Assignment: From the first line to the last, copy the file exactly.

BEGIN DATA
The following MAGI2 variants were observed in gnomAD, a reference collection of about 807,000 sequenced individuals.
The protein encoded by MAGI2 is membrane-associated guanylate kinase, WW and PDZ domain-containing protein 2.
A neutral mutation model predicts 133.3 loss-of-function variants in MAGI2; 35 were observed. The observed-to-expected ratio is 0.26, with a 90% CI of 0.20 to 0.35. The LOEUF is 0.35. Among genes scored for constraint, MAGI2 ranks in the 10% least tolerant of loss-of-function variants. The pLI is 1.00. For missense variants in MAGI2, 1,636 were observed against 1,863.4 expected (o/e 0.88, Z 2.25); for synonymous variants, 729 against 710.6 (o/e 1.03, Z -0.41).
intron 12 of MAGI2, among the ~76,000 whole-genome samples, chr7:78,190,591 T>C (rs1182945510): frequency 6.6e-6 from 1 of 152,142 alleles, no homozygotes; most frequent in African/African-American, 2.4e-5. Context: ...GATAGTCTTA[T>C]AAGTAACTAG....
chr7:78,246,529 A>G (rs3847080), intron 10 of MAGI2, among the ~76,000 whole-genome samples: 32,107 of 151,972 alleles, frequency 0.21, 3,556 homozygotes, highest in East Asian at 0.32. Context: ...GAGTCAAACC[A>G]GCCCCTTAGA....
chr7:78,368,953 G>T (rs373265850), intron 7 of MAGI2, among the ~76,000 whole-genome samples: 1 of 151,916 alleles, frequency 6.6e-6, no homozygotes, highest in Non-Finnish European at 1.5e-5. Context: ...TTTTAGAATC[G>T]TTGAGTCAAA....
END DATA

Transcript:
The following MAGI2 variants were observed in gnomAD, a reference collection of about 807,000 sequenced individuals.
The protein encoded by MAGI2 is membrane-associated guanylate kinase, WW and PDZ domain-containing protein 2.
A neutral mutation model predicts 133.3 loss-of-function variants in MAGI2; 35 were observed. The observed-to-expected ratio is 0.26, with a 90% CI of 0.20 to 0.35. The LOEUF is 0.35. Among genes scored for constraint, MAGI2 ranks in the 10% least tolerant of loss-of-function variants. The pLI is 1.00. For missense variants in MAGI2, 1,636 were observed against 1,863.4 expected (o/e 0.88, Z 2.25); for synonymous variants, 729 against 710.6 (o/e 1.03, Z -0.41).
intron 12 of MAGI2, among the ~76,000 whole-genome samples, chr7:78,190,591 T>C (rs1182945510): frequency 6.6e-6 from 1 of 152,142 alleles, no homozygotes; most frequent in African/African-American, 2.4e-5. Context: ...GATAGTCTTA[T>C]AAGTAACTAG....
chr7:78,246,529 A>G (rs3847080), intron 10 of MAGI2, among the ~76,000 whole-genome samples: 32,107 of 151,972 alleles, frequency 0.21, 3,556 homozygotes, highest in East Asian at 0.32. Context: ...GAGTCAAACC[A>G]GCCCCTTAGA....
chr7:78,368,953 G>T (rs373265850), intron 7 of MAGI2, among the ~76,000 whole-genome samples: 1 of 151,916 alleles, frequency 6.6e-6, no homozygotes, highest in Non-Finnish European at 1.5e-5. Context: ...TTTTAGAATC[G>T]TTGAGTCAAA....